The following simple card game happens to solve their problem. Take five cards, so that three of them are red and two are black. The cards of one color must be indistinguishable from each other (e.g. you can't simply take three different diamonds for the reds). Deal one black and one red card to Alice, one black and one red card to Bob. Put the remaining red card on the table face up.

    Initial table configuration

    Initial table configuration

    Now Alice will put her two cards face down to the left of the open card, and Bob will put his two cards to the right of the open card:

    Alice and Bob played

    Alice and Bob played

    The rules for Alice and Bob are simple: if you like the other person, put your red card next to the central red card. Otherwise, put your black card next to the central one. For example, if both Alice and Bob like each other, they would play their cards as follows (albeit still face down):

    What Alice and Bob would play if they both liked each other

    What Alice and Bob would play if they both liked each other

    Now the middle card is also turned face down, and all five cards are collected, preserving their order:

    Five cards collected, preserving order

    Five cards collected, preserving order

    Next, Alice cuts this five-card deck, moving some number of cards from the top to the bottom (Bob should not know exactly how many). Then Bob cuts the deck (also making sure that Alice does not know how many cards he cuts). The result is equivalent to applying some cyclic rotation to the five card sequence yet neither Bob nor Alice knows how many cards were shifted in total.

    The five cards can now be opened by dealing them in order onto the table to find out the result. If there happen to be three red cards one after another in a row or two black cards one after another, Alice and Bob both voted "yes". Here is one example of such a situation. It is easy to see that it is a cyclic shift of the configuration with three red aces in the middle shown above.

    Both voted "yes"

    Both voted "yes"

    Otherwise, if neither three red aces nor two black aces are side by side, we may conclude that one or both of the players voted "no". However, there is absolutely no way to find out anything more specific than that. Here is an example:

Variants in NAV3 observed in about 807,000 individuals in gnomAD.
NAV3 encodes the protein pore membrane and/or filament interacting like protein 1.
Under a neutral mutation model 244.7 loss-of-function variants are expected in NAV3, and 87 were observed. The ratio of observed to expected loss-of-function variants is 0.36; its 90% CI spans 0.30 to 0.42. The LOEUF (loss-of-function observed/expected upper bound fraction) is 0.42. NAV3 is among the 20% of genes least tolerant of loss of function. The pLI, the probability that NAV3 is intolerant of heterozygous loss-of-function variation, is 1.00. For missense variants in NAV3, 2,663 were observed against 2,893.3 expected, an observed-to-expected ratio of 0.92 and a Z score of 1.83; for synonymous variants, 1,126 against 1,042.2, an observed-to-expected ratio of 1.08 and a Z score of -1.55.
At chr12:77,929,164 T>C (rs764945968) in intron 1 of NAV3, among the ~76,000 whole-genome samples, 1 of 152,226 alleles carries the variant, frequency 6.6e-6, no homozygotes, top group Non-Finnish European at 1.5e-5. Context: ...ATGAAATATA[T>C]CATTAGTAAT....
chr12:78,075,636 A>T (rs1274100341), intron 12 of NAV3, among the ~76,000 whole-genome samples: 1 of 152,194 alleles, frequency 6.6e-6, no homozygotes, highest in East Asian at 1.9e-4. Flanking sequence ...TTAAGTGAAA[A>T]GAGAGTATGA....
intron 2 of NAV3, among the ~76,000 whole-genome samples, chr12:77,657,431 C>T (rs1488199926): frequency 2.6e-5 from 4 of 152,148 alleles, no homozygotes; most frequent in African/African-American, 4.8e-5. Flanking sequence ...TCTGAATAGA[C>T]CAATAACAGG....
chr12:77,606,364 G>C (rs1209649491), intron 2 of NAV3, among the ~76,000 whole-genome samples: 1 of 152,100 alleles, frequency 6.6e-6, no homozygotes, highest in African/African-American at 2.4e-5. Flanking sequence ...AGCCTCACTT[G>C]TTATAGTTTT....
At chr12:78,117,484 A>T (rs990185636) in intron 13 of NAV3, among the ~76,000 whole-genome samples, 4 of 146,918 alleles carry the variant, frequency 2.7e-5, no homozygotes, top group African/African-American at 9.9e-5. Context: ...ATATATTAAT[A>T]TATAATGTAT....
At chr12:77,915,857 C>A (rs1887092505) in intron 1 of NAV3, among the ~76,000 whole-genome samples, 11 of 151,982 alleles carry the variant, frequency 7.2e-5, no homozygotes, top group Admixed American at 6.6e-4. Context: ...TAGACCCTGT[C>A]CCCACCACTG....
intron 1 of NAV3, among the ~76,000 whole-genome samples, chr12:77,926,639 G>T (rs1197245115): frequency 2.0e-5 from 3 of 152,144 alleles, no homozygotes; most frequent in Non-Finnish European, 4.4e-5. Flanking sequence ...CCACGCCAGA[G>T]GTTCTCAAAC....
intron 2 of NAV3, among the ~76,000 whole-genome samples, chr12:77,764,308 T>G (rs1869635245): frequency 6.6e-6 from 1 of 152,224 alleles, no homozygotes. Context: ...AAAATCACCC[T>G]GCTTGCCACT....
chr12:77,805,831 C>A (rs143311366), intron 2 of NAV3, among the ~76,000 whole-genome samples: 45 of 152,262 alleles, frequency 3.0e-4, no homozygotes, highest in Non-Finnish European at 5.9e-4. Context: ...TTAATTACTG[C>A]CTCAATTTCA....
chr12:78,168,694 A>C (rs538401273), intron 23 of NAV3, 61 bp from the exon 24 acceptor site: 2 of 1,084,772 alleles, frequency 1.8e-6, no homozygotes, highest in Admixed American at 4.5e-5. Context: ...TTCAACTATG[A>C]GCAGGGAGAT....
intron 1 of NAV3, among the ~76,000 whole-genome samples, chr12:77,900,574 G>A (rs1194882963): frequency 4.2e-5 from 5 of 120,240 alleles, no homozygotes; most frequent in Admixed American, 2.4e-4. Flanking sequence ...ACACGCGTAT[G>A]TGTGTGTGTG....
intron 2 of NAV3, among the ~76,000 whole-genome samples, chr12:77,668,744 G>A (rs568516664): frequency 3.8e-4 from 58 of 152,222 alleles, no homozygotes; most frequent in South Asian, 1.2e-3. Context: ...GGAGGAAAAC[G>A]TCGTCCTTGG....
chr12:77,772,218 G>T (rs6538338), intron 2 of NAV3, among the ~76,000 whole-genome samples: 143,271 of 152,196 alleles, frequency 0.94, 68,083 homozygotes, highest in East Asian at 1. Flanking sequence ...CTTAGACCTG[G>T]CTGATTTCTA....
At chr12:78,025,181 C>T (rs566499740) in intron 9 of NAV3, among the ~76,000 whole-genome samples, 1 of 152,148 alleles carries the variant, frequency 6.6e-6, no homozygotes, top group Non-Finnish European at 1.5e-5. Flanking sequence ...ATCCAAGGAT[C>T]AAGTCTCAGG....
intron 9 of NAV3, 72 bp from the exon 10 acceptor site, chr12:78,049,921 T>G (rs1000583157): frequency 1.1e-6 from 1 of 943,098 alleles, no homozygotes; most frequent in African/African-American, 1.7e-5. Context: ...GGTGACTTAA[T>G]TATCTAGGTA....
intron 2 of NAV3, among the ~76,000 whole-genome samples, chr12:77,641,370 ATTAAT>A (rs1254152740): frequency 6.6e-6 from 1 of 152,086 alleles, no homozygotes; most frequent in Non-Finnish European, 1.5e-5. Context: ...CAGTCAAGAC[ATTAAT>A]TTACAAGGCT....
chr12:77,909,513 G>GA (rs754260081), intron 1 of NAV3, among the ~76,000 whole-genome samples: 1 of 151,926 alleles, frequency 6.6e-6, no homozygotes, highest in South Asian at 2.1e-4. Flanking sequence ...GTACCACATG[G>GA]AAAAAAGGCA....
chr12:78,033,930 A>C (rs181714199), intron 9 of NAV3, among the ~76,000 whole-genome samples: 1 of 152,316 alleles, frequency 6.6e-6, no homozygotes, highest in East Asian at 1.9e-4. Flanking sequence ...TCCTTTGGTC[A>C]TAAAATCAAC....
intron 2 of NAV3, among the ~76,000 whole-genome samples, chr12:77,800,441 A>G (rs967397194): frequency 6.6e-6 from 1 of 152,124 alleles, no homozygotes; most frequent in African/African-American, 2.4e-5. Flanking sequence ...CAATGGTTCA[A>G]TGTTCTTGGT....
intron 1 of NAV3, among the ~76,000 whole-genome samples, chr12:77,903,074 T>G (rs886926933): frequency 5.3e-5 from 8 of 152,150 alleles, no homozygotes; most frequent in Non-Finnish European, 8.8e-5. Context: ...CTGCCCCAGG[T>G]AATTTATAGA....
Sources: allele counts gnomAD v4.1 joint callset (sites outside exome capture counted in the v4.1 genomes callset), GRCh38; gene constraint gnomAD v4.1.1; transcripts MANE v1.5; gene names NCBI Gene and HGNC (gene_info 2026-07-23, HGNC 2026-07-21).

No mutual affection (or no affection at all)

    No mutual affection (or no affection at all)

    Obviously, this result could not be obtained as a cyclic shift of the configuration with three aces clumped together. On the other hand, it could have been obtained as a cyclic shift from any of the three other alternatives ("yes-no", "no-no" and "no-yes"), hence if Alice voted "no" she will have no way of figuring out what was Bob's vote. Thus, playing cards along with a cryptographic mindset helped Alice and Bob discover their mutual affection or the lack of it without the risk of awkward situations. Isn't it great?

    Throwing in a Zero-Knowledge Proof

    There are various ways Alice or Bob can try to "break" this protocol while still trying to claim honesty. One possible example is shown below:

    Alice is trying to cheat

    Alice is trying to cheat

    Do you see what happened? Alice has put her ace upside down, which will later allow her to understand what was Bob's move (yet she can easily pretend that turning a card upside down was an honest mistake). Although the problem is easily solved by picking a deck with asymmetric backs, for the sake of example, let us assume that such a solution is somewhy unsuitable. Perhaps there are no requisite decks at Alice and Bob's disposal, or they need to have symmetric backs for some other reasons. This offers a nice possibility for us to practice even more playing card cryptography and try to secure the original algorithm from such "attacks" using a small imitation of a zero-knowledge proof for turn correctness.

    Try solving it yourself before proceeding.

    Read more...

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  • Posted by Konstantin 22.01.2015 38 Comments

    Update from year 2017: The tool described in this post DOES NOT WORK with recent versions of Skype. Either these versions stopped saving removed messages altogether, or they are doing it in a novel manner not recognized by the tool.

    In other words - you would only recover "removed" messages if you are running older version of Skype (or these messages were sent at the time you were using that older version).

    Yesterday I happened to attend a discussion about the security and privacy of information stored locally in Skype and Thunderbird profiles. It turns out, if you obtain a person's Skype profile directory, you will be able to log in as him without the need to know the password. In addition, Dominique made a remark that Skype does not really delete the messages that are marked as "removed" in the chat window. I found that curious and decided to take a closer look.